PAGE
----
London, England — In 2023, CARICOM will celebrate its fiftieth anniversary. Plans are underway for what may be a year-long celebration.
Most governments, the secretariat, and regional institutions will no doubt use the events being planned to praise the achievements of the regional integration movement and its often-underrated role in achieving a single identity for the Anglophone Caribbean. Others may not be so forgiving.
There is a growing body of opinion that as presently configured the regional entity is failing in its ability to resolve the Caribbean’s economic challenges. So much so that it is not hard to imagine that next year the response of the regional media, influential commentators, and many citizens will be less than enthusiastic.
To be fair, the regional integration process can point to significant recent achievements involving joined up and well executed actions relating to the pandemic, security, climate change, and for example, making the case internationally for changing the rules on concessional financing.
However, this is not the case when it comes to delivering reforms intended to modernise and make effective the functioning of the CSME, long discussed solutions to the now critical issues of food security and intra-regional transport, or the adaption of the regional business environment to create seamless Caribbean trade and investment.
Instead, CARICOM member states have shown themselves to be increasingly divided when it comes to putting in place measures agreed by Heads relating to free movement, enforcement of the Common External Tariff, and CARICOM’s adaptation of its decision-making structures; seemingly unable or unwilling to overcome domestic constraints that hold back delivery and efficiency.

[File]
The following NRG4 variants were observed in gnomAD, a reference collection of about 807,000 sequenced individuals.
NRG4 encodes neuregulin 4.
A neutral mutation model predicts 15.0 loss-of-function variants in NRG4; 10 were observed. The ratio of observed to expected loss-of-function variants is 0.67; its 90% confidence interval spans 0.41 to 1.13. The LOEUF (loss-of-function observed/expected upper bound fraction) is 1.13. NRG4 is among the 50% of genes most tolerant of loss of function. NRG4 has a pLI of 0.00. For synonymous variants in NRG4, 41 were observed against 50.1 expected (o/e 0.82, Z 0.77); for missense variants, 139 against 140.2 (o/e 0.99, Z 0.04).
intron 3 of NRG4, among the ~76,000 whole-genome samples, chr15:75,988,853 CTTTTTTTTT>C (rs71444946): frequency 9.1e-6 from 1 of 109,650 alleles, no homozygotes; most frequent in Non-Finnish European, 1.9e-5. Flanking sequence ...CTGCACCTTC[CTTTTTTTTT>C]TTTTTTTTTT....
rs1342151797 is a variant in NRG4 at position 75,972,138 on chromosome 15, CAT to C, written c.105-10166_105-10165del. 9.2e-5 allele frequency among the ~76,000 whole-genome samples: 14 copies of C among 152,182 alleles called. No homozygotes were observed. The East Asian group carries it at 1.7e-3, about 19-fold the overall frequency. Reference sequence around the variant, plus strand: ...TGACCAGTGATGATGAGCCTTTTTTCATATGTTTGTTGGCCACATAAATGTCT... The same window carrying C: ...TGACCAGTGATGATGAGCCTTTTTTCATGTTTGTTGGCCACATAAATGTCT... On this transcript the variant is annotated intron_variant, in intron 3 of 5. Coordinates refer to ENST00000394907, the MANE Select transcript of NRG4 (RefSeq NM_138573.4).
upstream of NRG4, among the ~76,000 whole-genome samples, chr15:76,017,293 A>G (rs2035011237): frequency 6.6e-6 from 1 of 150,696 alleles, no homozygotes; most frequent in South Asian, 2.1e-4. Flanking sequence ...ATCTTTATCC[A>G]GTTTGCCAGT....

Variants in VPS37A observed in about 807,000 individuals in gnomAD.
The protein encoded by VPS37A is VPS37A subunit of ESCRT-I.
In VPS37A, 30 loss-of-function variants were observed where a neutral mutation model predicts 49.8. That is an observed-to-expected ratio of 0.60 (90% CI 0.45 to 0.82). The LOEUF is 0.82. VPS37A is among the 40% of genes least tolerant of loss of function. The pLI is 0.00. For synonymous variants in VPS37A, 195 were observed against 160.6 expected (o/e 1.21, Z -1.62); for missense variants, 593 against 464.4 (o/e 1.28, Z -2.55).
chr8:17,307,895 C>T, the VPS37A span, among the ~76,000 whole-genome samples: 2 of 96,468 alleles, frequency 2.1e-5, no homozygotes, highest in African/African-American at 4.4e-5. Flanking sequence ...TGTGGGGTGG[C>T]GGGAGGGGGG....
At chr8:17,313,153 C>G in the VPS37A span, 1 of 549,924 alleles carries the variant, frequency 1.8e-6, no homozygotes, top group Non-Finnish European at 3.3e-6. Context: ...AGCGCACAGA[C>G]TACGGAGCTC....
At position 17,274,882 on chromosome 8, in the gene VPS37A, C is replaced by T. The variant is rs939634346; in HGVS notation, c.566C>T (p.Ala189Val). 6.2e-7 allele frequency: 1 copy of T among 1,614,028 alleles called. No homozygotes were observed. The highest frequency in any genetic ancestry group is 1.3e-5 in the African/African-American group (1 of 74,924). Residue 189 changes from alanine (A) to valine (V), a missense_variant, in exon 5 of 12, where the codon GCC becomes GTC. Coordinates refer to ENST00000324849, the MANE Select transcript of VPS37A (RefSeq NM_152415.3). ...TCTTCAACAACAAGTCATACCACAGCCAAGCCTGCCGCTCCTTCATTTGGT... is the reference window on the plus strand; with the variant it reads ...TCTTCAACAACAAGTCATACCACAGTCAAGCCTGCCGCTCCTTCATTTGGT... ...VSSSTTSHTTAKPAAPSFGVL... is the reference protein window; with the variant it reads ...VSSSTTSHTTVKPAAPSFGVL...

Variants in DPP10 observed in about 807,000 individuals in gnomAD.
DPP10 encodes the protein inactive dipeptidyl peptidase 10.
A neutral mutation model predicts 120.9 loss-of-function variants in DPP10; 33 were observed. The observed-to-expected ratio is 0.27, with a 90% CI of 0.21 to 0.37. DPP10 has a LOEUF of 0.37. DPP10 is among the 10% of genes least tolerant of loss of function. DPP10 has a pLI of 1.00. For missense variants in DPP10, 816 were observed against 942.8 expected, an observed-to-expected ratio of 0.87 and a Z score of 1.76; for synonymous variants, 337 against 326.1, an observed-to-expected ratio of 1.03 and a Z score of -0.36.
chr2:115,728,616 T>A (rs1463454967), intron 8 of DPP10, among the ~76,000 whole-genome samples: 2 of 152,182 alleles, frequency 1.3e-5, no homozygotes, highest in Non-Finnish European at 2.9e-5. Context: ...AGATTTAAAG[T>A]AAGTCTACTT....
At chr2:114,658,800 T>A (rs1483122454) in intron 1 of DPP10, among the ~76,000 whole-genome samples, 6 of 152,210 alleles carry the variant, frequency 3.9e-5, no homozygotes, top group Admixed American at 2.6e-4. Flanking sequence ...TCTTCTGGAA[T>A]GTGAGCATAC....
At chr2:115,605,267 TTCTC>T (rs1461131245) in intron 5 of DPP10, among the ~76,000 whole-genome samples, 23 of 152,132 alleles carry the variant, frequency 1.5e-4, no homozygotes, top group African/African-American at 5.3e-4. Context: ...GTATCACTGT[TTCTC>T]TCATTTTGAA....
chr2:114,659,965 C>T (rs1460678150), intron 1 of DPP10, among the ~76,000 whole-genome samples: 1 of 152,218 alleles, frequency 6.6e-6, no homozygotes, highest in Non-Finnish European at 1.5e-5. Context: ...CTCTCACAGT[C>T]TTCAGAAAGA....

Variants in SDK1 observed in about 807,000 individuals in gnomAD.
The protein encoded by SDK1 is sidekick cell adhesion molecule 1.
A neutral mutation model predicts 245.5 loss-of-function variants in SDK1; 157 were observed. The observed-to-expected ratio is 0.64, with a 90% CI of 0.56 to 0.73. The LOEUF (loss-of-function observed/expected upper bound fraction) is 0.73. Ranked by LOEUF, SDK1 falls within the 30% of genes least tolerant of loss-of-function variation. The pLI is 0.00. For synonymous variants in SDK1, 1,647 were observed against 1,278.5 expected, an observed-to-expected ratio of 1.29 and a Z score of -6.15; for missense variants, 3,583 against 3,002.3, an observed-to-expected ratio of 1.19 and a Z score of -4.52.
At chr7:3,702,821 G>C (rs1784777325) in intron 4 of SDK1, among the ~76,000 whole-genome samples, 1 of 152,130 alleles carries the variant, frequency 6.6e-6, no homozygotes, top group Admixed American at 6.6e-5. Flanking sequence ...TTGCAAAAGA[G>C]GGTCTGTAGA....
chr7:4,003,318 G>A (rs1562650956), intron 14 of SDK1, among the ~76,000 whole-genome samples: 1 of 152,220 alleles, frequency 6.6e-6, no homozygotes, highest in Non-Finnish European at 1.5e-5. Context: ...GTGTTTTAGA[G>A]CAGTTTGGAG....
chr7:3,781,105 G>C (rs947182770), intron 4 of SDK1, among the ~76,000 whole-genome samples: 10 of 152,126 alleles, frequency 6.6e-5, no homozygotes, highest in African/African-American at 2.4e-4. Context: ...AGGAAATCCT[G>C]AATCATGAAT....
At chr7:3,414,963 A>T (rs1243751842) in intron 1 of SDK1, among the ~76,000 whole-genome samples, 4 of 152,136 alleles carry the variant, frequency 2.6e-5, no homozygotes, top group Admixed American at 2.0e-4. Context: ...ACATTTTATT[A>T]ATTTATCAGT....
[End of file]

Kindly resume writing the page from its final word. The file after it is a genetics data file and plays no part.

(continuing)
It was therefore scarcely surprising that when attending his first summit, the newly elected Prime Minister of Grenada, Dickon Mitchell, who represents generational change warned about the need to do more, and talk less if a “transformative agenda” is to be delivered.
Seen from afar, the implication is that if CARICOM member states cannot implement the long overdue and now critical economic and financial reforms required to stimulate intra-regional investment, trade, and economic growth, the regional body may have reached the limit of its ability to deliver change.
The clearest indication of this and the frustration felt by some governments and the private sector can be seen in the growing number of hard to ignore overlapping intra-regional and hemispheric arrangements which have the potential to undercut CARICOM’s centrality.
Recent sub-regional arrangements amount to something close to a vote of no-confidence in the ability of CARICOM member states to deliver the agreed Treaty reforms that would make it better suited to the 21st Century.
In recent weeks it has become clear that governments at the southern end of the Caribbean are moving on their own to establish enhanced economic cooperation arrangements in ways that imply a two or more speed CARICOM based on geographic proximity, energy, and complimentary opportunity.
In the margins of the recent Heads meeting in Paramaribo, Barbados signed two enhanced cooperation agreements, one with Guyana and the other with Suriname because, in the words of Barbados’ Prime Minister, Mia Mottley, “we have an obligation to work with people in our neighborhood.”